David Chelimsky

random thoughtlessness

Thoughts on the Dance-Off

In his Great Test Framework Dance-Off at RailsConf 2008, Josh Susser compared rspec with test/spec and shoulda. All in all I’d say he was very fair in his comparisons and I’d recommend checking out his slides.

There were a couple of dings Josh handed rspec and I’d like to respond to them. This is not intended to sell you on using rspec if you’re not already using it. In fact, you’ll see that I agree with a some of Josh’s criticisms.

I’d much rather see developers using frameworks like test/spec and shoulda than not using anything more expressive than test/unit out of the box, but I also cringe when I hear that someone chose a different framework for reasons that are based on inaccurate or incomplete information. I take full responsibility for that. If you’re basing decisions on inaccurate or incomplete information it’s because I haven’t made the accurate and complete information available to you. This post is one step towards addressing that problem.


rspec currently runs slower than test/unit and the lightweight frameworks that sit on top of test/unit like test/spec and shoulda. Fortunately, this is something that can be addressed and will become a priority for us in the coming months.

Underlying Complexity

rspec is admittedly a complex and weighty beast. I think this is the result of several problems for which we are starting to look at solutions. We’ve already started to take some steps towards reducing the amount of code that gets loaded (formatters are lazy loaded – only the ones you use get loaded) and we have more work to do on that front.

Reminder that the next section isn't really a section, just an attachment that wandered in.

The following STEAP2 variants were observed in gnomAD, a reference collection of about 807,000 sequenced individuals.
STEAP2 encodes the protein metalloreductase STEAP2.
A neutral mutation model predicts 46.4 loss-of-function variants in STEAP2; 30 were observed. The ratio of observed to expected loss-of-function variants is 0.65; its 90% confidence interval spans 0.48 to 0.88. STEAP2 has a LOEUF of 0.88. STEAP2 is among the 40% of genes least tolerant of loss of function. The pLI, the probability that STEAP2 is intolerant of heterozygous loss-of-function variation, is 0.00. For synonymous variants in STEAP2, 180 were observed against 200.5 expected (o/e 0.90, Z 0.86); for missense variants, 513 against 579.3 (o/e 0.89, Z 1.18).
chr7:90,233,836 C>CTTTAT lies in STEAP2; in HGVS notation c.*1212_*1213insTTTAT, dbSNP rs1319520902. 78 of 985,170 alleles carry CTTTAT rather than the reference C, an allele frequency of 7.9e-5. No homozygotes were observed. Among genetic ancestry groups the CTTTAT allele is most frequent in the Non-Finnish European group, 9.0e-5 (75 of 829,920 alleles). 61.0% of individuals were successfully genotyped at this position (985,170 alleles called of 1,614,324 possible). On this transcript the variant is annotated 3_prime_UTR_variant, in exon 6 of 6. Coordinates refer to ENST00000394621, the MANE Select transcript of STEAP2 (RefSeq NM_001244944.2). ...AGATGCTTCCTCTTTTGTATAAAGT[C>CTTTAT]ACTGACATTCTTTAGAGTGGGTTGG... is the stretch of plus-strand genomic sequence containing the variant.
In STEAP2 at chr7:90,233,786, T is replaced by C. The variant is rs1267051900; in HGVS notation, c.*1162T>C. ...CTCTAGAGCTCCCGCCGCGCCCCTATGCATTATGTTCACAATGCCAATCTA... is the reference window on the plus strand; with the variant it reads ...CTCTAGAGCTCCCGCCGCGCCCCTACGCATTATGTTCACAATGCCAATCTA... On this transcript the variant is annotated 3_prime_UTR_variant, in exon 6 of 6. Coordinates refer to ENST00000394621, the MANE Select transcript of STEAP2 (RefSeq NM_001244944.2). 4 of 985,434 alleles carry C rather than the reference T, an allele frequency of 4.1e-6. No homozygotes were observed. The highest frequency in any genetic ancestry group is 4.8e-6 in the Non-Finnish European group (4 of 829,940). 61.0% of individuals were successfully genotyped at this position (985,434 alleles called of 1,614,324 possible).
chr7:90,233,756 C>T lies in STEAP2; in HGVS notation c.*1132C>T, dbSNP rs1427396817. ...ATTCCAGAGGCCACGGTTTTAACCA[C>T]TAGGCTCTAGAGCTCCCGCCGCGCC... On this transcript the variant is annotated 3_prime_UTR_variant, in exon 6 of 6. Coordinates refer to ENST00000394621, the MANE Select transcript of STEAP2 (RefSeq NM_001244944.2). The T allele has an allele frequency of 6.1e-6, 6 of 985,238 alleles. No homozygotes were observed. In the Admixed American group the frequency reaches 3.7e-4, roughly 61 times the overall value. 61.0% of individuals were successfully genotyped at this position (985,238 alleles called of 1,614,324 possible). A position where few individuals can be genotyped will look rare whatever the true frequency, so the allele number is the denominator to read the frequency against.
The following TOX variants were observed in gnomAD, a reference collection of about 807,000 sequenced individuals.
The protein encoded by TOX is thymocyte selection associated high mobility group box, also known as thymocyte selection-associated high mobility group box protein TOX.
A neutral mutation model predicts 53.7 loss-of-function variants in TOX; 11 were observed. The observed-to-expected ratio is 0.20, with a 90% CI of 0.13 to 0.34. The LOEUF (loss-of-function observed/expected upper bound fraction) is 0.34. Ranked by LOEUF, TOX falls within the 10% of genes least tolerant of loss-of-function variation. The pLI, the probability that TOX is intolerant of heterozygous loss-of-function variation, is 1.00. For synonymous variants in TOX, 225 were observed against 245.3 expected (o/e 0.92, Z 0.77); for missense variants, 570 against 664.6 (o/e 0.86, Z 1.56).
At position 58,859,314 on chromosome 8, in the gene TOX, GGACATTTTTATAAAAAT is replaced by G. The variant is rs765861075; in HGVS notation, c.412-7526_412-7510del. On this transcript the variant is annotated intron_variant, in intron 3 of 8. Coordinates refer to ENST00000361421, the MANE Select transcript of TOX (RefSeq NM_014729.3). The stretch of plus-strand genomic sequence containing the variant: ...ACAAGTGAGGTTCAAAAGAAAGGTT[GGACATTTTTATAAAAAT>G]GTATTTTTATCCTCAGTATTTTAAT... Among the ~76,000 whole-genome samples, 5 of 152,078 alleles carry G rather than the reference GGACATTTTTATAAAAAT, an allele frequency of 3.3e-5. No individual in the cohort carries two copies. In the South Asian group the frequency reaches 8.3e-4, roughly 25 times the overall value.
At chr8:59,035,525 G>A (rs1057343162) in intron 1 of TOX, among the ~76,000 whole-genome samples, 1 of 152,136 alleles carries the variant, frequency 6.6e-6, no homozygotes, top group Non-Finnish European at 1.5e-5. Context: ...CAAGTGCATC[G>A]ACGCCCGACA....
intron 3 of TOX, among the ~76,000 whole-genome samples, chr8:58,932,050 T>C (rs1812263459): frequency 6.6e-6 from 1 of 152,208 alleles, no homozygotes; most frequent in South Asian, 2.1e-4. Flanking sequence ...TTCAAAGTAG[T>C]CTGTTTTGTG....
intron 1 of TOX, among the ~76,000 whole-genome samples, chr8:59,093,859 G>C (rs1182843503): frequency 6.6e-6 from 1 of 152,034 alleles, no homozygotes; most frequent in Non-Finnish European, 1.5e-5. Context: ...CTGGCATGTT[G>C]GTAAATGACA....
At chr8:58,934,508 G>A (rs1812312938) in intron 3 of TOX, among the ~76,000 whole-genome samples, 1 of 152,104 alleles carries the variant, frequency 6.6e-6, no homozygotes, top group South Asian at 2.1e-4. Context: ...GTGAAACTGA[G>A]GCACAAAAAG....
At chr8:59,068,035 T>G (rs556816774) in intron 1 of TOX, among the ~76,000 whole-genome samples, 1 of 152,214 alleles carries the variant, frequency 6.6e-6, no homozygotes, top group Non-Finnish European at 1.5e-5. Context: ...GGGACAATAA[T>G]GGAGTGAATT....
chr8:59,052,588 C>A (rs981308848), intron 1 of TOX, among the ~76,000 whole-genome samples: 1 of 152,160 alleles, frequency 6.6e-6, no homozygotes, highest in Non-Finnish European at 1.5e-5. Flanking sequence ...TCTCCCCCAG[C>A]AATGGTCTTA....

There are also some efficiencies we can gain by merging the example group and story runners. Right now they both have some good things and some bad, and merging them should give us an opporunity to reduce the bad and take advantage of the good.

For me, the biggest issue is the lack of a rich, formalized extension API. There are some extension points we’ve exposed and documented, but this can definitely be improved.

This is going to be a priority for me in the coming months. I think that once we have that in place, we can start to pull out some of the weight in rspec into plugins that get published separately in much the same vain as Rails and Merb are doing now.

Custom Matchers

In Josh’s talk he pointed out that you can create custom assertions in 4 lines in test/unit frameworks while in rspec it took 30 or so lines. He did point out that the 30 line approach gives you far more control over error messages and that it covers the positive and negative matchers in one shot, but also commented that this extra power comes at a cost.

What Josh didn’t know at the time, and this is definitely worthy of a ding for us not documenting things well enough, is rspec’s simple_matcher method that let’s you create simple matchers in just a few lines. Here’s the example in test/unit from Josh’s talk:

def assert_sorted(actual, message=nil, &block)
expected = actual.sort(&block)
assert_equal expected, actual, "Order is wrong:"
assert_sorted(tags) { |a,b| a.name <=> b.name }

And here’s the same thing with simple_matcher:

def be_sorted
simple_matcher("a sorted list") {|actual| actual.sort == actual}